If this is the case for your situation, you can fully deduct your expenses as a student in secondary education as income-related expenses – for example, semester fees, travel expenses to the university or library, and costs for your laptop. Learn more about deductible costs for students here.

What are my options for deducting study costs?

Option 1: Your expenses exceed your income

Even if you cannot deduct the expenses for pursuing your first degree as income-related expenses, you can still declare your study costs in your annual tax return! However, as special expenses, you can deduct a maximum of €6,000 in training costs per year. These reduce the total amount of your income and the taxes you have to pay.

But to benefit from this, you need to have taxable income. If you are not liable to pay taxes, your study costs will not be deductible as special expenses. You can only deduct expenses in the year they are incurred and cannot carry them forward into later tax years.

Option 2: Dual education & apprenticeships

There is an exception that allows you to deduct your initial education costs as income-related expenses: Germany’s dual education system. This means you have opted to pursue dual education, whereby you take university classes while also working and receiving on-the-job training. Since the practical part is administered and paid for by the respective employer, dual students are in an employment relationship, also known as Dienstverhältnis. This can also apply to dual apprenticeships.

If you decided on a dual study program, you could deduct your study costs as income-related expenses without any limit! A loss carryover could also be an option. However, if your regular income as a dual student exceeds your expenses, this won’t be an option.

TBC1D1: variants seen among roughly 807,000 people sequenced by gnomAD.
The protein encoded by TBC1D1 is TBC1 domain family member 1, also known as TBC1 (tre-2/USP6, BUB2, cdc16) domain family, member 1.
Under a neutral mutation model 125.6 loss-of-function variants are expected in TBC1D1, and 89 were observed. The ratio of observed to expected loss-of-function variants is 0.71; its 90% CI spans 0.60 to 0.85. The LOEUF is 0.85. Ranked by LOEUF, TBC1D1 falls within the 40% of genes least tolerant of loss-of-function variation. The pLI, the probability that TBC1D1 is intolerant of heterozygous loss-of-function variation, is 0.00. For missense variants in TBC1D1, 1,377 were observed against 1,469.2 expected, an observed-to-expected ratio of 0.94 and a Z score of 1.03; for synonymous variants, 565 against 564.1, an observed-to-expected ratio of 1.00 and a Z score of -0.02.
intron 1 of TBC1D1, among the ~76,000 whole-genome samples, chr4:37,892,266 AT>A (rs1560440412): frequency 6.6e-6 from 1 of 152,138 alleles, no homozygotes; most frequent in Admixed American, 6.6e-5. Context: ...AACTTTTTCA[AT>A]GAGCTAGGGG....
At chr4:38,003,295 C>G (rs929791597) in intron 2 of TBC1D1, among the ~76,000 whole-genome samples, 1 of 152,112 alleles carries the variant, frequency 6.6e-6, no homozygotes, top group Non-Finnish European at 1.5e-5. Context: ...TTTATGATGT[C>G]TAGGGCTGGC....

Bonus: Educational allowance for parents

If your parents support you financially during your studies, they can declare these expenses as an educational allowance in their annual tax return. This tax allowance currently amounts to €924 (as of 2020). However, for your parents to be able to claim the allowance, you must meet the following requirements:

You are of legal age (at least 18 years old)
You are in training – e.g. doing an apprenticeship or studying
You are no longer living in your parents’ household
Your parents are entitled to receive children’s benefitsThe child benefit is a monthly payment from the government that parents in Germany can apply for, regardless of their income – this is meant to ensure that every child’s …
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for you

Need help?

As you can see, there are several different ways to reclaim some tax money while you’re pursuing your primary degree. Hopefully, you now have all the information to file your tax declaration and claim back more money in your tax return. Remember: the average tax refund in Germany is €1,051! If you have any questions about the filing process with Taxfix, we are also always glad to assist you – just get in touch under [email protected].

by Sven
published on: 18.08.2022
updated on: 12.12.2022